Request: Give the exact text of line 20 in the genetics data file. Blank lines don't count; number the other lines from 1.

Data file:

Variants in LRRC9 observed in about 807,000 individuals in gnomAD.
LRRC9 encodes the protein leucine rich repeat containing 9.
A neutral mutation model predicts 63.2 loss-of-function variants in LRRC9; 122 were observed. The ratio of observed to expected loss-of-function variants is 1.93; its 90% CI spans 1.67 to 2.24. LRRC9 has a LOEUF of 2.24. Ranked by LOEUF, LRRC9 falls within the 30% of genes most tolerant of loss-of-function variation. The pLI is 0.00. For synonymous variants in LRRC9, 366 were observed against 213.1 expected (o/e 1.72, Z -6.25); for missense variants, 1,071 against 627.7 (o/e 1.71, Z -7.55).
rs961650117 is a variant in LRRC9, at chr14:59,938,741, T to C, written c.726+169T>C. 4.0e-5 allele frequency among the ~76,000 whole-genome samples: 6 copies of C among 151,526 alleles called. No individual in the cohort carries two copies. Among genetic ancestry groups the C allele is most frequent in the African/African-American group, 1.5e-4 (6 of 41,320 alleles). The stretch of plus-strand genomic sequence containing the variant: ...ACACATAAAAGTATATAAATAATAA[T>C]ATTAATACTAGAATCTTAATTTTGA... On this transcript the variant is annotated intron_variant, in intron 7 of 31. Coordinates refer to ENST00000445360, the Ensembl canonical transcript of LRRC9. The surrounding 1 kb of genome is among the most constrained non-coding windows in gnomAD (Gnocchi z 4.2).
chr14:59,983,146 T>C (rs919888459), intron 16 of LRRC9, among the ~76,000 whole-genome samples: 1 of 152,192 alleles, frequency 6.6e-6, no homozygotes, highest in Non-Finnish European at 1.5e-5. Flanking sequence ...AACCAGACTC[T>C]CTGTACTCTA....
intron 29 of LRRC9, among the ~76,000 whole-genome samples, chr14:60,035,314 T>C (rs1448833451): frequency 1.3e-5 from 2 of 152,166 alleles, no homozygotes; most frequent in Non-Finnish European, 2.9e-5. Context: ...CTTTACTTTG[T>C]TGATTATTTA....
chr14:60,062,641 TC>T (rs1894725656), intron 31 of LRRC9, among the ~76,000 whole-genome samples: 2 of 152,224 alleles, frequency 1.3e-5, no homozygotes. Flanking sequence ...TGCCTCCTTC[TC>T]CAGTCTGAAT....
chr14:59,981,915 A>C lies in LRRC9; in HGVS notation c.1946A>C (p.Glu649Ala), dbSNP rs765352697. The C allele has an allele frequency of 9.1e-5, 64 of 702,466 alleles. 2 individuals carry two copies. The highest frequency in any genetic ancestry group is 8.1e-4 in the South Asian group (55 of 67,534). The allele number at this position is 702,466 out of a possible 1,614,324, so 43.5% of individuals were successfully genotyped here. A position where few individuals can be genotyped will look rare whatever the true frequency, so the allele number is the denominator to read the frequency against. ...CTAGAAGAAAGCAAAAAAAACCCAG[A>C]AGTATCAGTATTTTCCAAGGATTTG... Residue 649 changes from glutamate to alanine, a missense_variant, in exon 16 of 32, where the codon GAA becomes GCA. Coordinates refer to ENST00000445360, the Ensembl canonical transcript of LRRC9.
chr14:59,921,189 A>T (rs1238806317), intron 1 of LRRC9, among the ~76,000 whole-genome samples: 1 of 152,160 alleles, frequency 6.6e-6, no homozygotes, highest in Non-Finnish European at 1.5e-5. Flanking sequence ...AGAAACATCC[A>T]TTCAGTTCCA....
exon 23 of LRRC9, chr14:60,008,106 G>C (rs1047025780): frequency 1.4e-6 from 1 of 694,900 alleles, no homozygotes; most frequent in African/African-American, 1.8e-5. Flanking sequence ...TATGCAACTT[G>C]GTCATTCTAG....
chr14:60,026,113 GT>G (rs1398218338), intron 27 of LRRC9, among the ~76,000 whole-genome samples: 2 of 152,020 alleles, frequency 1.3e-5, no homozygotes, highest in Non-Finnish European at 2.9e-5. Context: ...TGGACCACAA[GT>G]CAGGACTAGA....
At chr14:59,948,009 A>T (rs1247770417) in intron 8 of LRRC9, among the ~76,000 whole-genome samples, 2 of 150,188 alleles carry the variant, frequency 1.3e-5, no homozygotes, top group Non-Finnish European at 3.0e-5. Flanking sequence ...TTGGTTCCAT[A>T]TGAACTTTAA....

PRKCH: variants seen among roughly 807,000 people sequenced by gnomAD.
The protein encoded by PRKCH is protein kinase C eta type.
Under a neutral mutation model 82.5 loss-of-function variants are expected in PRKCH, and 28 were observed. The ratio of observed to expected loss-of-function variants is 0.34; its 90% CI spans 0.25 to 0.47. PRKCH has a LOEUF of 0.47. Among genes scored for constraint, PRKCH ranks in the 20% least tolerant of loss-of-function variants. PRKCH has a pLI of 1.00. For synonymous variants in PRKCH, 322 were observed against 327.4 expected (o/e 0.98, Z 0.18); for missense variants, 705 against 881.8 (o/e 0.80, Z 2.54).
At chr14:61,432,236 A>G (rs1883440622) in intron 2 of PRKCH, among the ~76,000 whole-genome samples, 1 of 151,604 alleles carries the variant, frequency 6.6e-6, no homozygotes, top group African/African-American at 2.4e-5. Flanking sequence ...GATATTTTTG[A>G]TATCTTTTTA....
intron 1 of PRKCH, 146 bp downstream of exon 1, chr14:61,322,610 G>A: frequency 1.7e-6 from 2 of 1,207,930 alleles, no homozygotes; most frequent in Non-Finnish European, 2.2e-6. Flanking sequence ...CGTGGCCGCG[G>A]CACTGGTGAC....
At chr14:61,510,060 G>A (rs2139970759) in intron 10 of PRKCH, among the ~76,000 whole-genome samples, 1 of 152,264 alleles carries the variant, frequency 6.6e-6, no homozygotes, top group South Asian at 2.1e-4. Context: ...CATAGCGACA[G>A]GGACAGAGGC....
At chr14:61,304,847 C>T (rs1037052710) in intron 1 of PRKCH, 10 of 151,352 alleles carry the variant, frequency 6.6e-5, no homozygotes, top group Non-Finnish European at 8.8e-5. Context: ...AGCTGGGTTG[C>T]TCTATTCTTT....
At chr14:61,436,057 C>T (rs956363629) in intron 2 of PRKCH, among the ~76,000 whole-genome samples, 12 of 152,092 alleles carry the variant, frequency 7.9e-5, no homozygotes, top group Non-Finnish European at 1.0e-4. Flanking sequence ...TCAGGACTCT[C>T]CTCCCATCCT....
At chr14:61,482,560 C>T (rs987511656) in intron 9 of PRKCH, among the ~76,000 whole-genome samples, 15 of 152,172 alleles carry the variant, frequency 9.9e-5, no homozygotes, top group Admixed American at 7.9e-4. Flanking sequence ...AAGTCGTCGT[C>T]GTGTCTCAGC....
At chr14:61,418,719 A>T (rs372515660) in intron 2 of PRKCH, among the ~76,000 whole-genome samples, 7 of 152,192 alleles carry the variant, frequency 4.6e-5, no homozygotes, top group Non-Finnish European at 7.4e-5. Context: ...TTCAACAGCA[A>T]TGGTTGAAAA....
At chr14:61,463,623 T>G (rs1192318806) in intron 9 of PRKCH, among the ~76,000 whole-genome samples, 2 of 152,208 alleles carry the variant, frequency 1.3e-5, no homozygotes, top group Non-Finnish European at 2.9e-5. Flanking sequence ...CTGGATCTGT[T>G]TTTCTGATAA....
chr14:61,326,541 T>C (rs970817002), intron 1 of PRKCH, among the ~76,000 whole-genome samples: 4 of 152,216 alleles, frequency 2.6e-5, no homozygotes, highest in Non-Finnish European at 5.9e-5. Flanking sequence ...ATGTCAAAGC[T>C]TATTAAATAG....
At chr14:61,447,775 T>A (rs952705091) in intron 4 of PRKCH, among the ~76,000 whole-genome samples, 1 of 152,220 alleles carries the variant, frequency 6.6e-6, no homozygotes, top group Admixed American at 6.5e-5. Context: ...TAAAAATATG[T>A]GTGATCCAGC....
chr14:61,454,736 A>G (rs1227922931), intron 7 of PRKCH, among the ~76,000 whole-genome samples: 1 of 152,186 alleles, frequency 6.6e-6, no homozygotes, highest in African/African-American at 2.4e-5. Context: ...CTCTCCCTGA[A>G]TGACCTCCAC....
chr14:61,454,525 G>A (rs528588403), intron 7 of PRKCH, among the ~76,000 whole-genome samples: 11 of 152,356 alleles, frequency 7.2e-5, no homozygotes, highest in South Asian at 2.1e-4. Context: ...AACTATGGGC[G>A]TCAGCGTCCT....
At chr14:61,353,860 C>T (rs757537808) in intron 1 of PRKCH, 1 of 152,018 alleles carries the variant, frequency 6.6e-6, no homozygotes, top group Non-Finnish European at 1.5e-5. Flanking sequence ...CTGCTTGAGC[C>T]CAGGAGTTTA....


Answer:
At chr14:61,436,057 C>T (rs956363629) in intron 2 of PRKCH, among the ~76,000 whole-genome samples, 12 of 152,092 alleles carry the variant, frequency 7.9e-5, no homozygotes, top group Non-Finnish European at 1.0e-4. Flanking sequence ...TCAGGACTCT[C>T]CTCCCATCCT....